Minor characters can be a lot of fun. They can add color, humor, or some other element that you can’t include in your major characters because of the story you’re trying to tell. But you have to watch those vivid, minor characters. Let your attention stray, or pay too much attention to a minor character, and the next thing you know, she’s mounted a coup. When minor characters hijack you story, you need to ask yourself a few questions.
Do I Have the Correct Main Character?
If a minor character is attracting all your interest, maybe you need to upgrade him to the main character. Write a few scenes from his POV and see how the story plays. If you feel your main character is the right one to carry the story, audition your attention-getting minor character as a major one.
Am I Bored with My Story?
Your minor character may be taking over because the story you planned to write just isn’t working. Stop writing and see if you can build a main character out of this minor one. Then brainstorm for a story that could feature your new main character
Could I Write a Spin Off Story?
Maybe your minor character still needs to be minor in your current story but could be the main or a major character in the next one.
Your minor character may be a lot more fun to write as a minor character. And also a lot more fun to read as one. She can be funnier, meaner, or more outrageous than your carefully crafted major characters. Sometimes, a minor character works so well because the reader isn’t in his head. There’s a bit of a mystery about his attitudes or goals or quirks. If he becomes a major character, he’d would lose that.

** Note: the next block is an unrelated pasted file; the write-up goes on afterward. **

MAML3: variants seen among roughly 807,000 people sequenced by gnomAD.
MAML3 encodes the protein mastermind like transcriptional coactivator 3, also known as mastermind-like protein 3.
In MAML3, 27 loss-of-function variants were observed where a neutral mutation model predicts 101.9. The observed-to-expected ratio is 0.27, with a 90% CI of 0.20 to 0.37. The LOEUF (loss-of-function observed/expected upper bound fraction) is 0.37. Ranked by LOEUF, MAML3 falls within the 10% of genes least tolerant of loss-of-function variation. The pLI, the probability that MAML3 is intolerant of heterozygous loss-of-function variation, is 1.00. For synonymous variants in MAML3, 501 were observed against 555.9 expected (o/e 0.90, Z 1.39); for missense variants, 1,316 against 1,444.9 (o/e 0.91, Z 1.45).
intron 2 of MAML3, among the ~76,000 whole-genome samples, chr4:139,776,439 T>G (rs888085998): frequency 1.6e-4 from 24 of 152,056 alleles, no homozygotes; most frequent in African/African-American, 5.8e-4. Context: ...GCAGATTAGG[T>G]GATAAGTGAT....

It’s similar to the saying about sausage. If you love it, then knowing the process for making it could kill your love. If readers love a minor character, then knowing exactly what makes her tick could dampen her appeal.
While writing my first novel, A Shadow on the Snow, I had a character attempt to take over. My main character nineteen-year-old Rae Riley, who has just discovered who her father is and is getting to know his sprawling, extended family, has an eighty-year-old great-grandfather, Walter. As I introduced Walter to the story, he took command. As I wrote dialogue, I felt more like I was taking dictation than imagining the conversation. (Yes, we writers hear voices in our heads, but we know they’re not real. Most of the time.) His physical appearance morphed in my mind without conscious thought on my part. I was having so much fun with him that I had to watch that I didn’t let him assume an importance that didn’t serve the story.
Walter works well as minor character with big impact. I used him in my mystery short story, “Bovine”. He’s only in one scene, but his presence influences the rest of the story.
Who are some minor characters that you love?